Placeholder Image

Subtitles section Play video

  • I did not have sexual relations with that woman, Miss Lewinsky.

  • People have got to know whether or not their president's a crook.

  • Well, I'm not a crook.

  • That means allowing Americans who like their doctor and like their healthcare plan to keep their plan.

  • What do these statements have in common?

  • Well, they were all made by American presidents and they have all rather famously been called lies.

  • But, the similarities really end there.

  • Now you can call all three statements untrue, but lying requires an intent to deceive, which means you have to know what the person who said it was actually thinking.

  • And that's where things can get a bit tricky.

  • Take, for example, "I am not a crook."

  • Nixon said it and yet he was forced to resign from office.

  • His successor even pardoned him.

  • So, was Nixon lying about being a crook?

  • Maybe, but maybe not.

  • He seems to have thought that crook was synonymous with bad person, and for him, setting up his own little dirty tricks unit and covering up its existence, was not all that bad.

  • Now take, "If you like your health-care plan, "you can keep it."

  • When he was promoting Obamacare, Barack Obama almost certainly thought that this was true.

  • He was, in fact, scorned and embarrassed when it turned out that many people were forced to change their coverage later.

  • In other words, this looks a lot more like a mistake.

  • And how about, "I did not have sexual relations with that woman, Miss Lewinsky."

  • Here we can brandish the big scarlet L for liar.

  • Bill Clinton knew what he had done and any ordinary person would consider that sexual relations.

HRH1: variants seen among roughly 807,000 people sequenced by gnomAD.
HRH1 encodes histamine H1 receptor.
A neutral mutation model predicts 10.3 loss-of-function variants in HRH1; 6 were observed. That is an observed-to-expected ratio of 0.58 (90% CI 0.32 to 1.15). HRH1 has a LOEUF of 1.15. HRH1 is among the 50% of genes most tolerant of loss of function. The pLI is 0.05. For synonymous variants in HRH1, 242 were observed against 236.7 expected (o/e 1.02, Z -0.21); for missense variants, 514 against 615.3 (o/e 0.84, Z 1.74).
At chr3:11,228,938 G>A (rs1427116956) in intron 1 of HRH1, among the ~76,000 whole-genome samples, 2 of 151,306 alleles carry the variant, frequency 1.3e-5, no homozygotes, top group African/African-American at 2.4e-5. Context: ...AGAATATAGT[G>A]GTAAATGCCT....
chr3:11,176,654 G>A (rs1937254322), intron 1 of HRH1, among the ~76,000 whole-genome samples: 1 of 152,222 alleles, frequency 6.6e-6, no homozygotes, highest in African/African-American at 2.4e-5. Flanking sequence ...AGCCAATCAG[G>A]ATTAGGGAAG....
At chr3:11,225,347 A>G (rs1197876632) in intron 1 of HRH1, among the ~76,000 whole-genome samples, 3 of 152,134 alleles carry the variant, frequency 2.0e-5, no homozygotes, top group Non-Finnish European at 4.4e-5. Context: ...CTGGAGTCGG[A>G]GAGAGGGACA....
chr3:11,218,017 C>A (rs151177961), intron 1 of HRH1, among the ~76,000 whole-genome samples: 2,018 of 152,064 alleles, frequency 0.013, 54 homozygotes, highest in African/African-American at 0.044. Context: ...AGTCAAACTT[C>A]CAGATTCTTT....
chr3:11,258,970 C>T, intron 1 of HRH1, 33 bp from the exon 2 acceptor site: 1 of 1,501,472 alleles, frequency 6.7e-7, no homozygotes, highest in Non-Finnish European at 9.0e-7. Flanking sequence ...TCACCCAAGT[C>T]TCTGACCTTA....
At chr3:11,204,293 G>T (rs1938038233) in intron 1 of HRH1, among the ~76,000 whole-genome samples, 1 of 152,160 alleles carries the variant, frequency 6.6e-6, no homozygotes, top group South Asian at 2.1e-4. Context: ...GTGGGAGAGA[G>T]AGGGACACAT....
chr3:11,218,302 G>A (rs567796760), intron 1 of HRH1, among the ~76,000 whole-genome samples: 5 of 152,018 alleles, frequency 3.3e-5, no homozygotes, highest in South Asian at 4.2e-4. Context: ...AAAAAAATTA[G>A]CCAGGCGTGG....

• He knew what he was saying was false, and that's a lie.

  • American politicians, of course, are hardly unique.

  • When Brexiteers campaigned in a big, red bus, the first half of that famous slogan on the side was not quite a lie, but not quite true.

  • We send 350 million pounds to the EU each week.

  • Well, that was true but the UK got back millions of pounds each week too.

  • That was intended to mislead and it did.

  • Public figures, of course, have always said things that weren't true.

  • Take Donald Trump.

  • He says so many things that are so quickly and easily proved untrue, it looks almost like he doesn't even care about the truth.

  • Take, for example, when he said that Barack and Michele Obama have a 10 foot wall around their house in Washington.

  • They don't.

  • Many people said this was yet another lie by Donald Trump.

  • But it's possible that this misses the point, that statements like this from Trump have a whole different purpose, to entertain, to provoke or arouse, rather than to say something literally true.

  • One eminent philosopher has even given a memorable label to this kind of talk, bullshit.

  • As distinct from a liar, a bullshitter doesn't even care about the truth, it's beside the point.

  • And if we throw around the word lie when we don't know the speaker's state of mind for sure, then we're weakening the word lie and its meaning.

  • It's better to use other words like nonsense, exaggeration, untruth, or even just bullshit.

  • Using these exact terms will only make it more effective when we catch powerful people red-handed in a true, no-doubt-about-it lie.

I did not have sexual relations with that woman, Miss Lewinsky.

Subtitles and vocabulary

Operation of videos Adjust the video here to display the subtitles

B1 US crook lewinsky sexual untrue nixon bullshit

The truth about lies | The Economist

  • 12719 374
    Helena posted on 2019/10/17
Video vocabulary